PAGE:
Astronomers from the Leibniz Astrophysical Institute Potsdam (Germany), in cooperation with scientists from China and Estonia, have discovered for the first time the rotation of the largest cosmological structures in the universe. The discovery is reported in an article.
Although cosmic structures range in scale from dwarf galaxies to giant superclusters, the generation of angular momentum among the largest of them has been poorly studied. In a new paper, scientists investigated whether galactic filaments (filaments), the largest observable structures made up of galaxies in the universe, averaging 160-260 million light-years in length, could rotate. The filaments connect clusters of galaxies to each other and are separated by voids, giant voids. Galaxies inside the threads tend toward the clusters at the ends of the threads, attracted by a large gravitational mass.
Researchers analyzed the motion of galaxies in thousands of filaments using the Sloan Digital Sky Survey (SDSS), which provides scientists with data on millions of galaxies, their spectral images and redshift magnitudes. Astronomers measured the speed of those galaxies that move perpendicular to the axis of the filament by their redshift and blueshift, resulting from the Doppler effect (with redshift the object is moving away from the observer, with blueshift it is moving closer). It turned out that galaxies exhibit spiral motion, i.e. they rotate around the axis while moving along the filament. This makes the filaments the largest objects with angular momentum.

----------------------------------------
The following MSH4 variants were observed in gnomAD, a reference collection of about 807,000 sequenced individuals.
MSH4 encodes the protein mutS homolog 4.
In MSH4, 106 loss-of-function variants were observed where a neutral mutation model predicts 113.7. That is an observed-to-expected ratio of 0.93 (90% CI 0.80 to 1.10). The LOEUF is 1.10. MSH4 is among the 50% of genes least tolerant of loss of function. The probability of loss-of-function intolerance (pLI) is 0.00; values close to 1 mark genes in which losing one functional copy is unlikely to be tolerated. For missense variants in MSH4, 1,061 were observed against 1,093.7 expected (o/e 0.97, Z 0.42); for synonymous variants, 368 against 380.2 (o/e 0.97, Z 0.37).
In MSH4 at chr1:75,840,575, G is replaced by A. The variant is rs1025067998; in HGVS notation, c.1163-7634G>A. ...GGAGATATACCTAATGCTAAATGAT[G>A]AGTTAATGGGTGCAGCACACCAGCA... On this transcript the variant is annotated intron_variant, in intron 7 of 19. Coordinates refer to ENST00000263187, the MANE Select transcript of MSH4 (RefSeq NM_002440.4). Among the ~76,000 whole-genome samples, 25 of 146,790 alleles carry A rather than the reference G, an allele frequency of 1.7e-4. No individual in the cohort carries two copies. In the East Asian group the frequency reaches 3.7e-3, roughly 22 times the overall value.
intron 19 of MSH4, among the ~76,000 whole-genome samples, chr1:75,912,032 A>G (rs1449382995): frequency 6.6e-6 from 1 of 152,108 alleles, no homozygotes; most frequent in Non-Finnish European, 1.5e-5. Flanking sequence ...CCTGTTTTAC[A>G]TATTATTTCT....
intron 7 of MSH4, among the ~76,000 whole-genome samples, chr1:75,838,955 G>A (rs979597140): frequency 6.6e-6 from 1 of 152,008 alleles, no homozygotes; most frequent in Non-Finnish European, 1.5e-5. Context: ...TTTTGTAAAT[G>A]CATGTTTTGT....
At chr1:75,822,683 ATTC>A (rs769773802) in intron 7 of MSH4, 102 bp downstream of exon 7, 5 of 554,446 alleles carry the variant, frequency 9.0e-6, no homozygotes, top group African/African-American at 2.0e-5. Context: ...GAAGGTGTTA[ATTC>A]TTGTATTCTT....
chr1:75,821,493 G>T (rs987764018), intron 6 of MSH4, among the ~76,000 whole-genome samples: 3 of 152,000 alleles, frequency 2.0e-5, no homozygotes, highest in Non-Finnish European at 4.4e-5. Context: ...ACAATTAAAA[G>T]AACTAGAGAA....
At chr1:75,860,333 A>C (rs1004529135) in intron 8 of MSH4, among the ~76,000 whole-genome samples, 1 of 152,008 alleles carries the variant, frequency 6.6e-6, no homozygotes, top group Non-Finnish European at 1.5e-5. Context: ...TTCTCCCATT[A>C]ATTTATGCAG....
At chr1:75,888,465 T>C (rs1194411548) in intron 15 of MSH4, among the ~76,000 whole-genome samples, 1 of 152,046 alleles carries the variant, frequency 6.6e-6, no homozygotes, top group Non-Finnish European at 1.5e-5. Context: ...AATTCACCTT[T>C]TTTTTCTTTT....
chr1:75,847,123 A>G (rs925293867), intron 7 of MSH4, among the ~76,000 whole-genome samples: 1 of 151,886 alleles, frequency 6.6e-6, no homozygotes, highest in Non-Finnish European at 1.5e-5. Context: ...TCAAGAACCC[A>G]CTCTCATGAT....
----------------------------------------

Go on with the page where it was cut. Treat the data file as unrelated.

Galactic filament rotation is clearly detected when viewed from the side of the filament, with the more massive the halo at the ends of the filaments, the greater the rotation detected. The mechanism of twisting of the filaments is still a mystery.
It is known that no rotation existed in the early Universe. According to the standard model, the formation of regions of excess density arises due to gravitational instability. Matter begins to flow toward such regions, forming large-scale cosmological structures, but such flows were vortex-free. In other words, rotation should arise later, during formation of the structures themselves.